13. Tyzão

    I wonder how many of those 10 million+ the banks will get and how many the homeowners will retain? At some point, the winds will shift to the homeowner, because they are the best bet to keep the house from falling into neglect. Then the question becomes, even if the homeowner uses quiet title or a similar strategy, the debt has not been satisfied. So, the County courthouse now has a completely clouded title as well as a hanging mortgage. The homeowner is also stuck in limbo, because he/she probably can’t/won’t be able to improve or sell the property. Likewise, property taxes will likely stop being paid, or the local jurisdiction will start to take on an incredible amount of property. I really don’t see how this whole thing plays out, without someone starting some serious action against BOA, Bank of New York, LPS and the whole lot…its going to get a lot lot uglier…before it gets anywhere better, this is just the calm before the storm.

  14. Glen

    Moody’s only has an opinion when somebody pays them to have it. I wonder what this one cost.

    Which reminds me:

    Churchill: Madam, would you sleep with me for five million pounds?
    Woman: My goodness, Mr. Churchill… Well, I suppose… we would have to discuss terms, of course…
    Churchill: Would you sleep with me for five pounds?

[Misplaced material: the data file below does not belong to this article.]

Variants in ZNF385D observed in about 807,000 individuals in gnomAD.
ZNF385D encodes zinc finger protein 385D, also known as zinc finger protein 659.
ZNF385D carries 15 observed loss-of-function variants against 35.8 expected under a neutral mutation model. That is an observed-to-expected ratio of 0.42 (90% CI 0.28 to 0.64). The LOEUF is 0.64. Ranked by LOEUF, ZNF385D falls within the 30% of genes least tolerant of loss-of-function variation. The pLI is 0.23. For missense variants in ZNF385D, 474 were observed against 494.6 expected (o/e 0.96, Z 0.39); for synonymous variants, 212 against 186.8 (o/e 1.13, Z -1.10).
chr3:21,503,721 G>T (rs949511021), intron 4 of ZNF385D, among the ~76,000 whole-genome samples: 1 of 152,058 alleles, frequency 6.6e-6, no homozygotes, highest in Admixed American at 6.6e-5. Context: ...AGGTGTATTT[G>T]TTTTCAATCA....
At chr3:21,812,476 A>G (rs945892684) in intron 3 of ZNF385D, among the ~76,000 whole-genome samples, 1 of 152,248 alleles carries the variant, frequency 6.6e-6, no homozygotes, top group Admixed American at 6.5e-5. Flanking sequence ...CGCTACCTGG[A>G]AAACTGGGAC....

Woman: Mr. Churchill, what kind of woman do you think I am?!
    Churchill: Madam, we’ve already established that. Now we are haggling about the price.

  15. Antifa

    Homeowner’s insurance. Our insurer cancelled our policy abruptly in January (after 9 years), saying the assessed value of our home was 30% less than when we bought it in 1997. (It’s a log home, so it is hard to find a house to compare it to in our neighborhood).

    Insurers are cancelling and reissuing homeowner’s policies across the country based on the reduced value of maintained properties. They don’t want to pay off what your house used to be worth if it burns down or gets washed away.

    A further drop of 10%, 20% or more in housing values and no doubt there will be more homeowner’s insurance policies cancelled and reissued, to keep actuarial tables in line.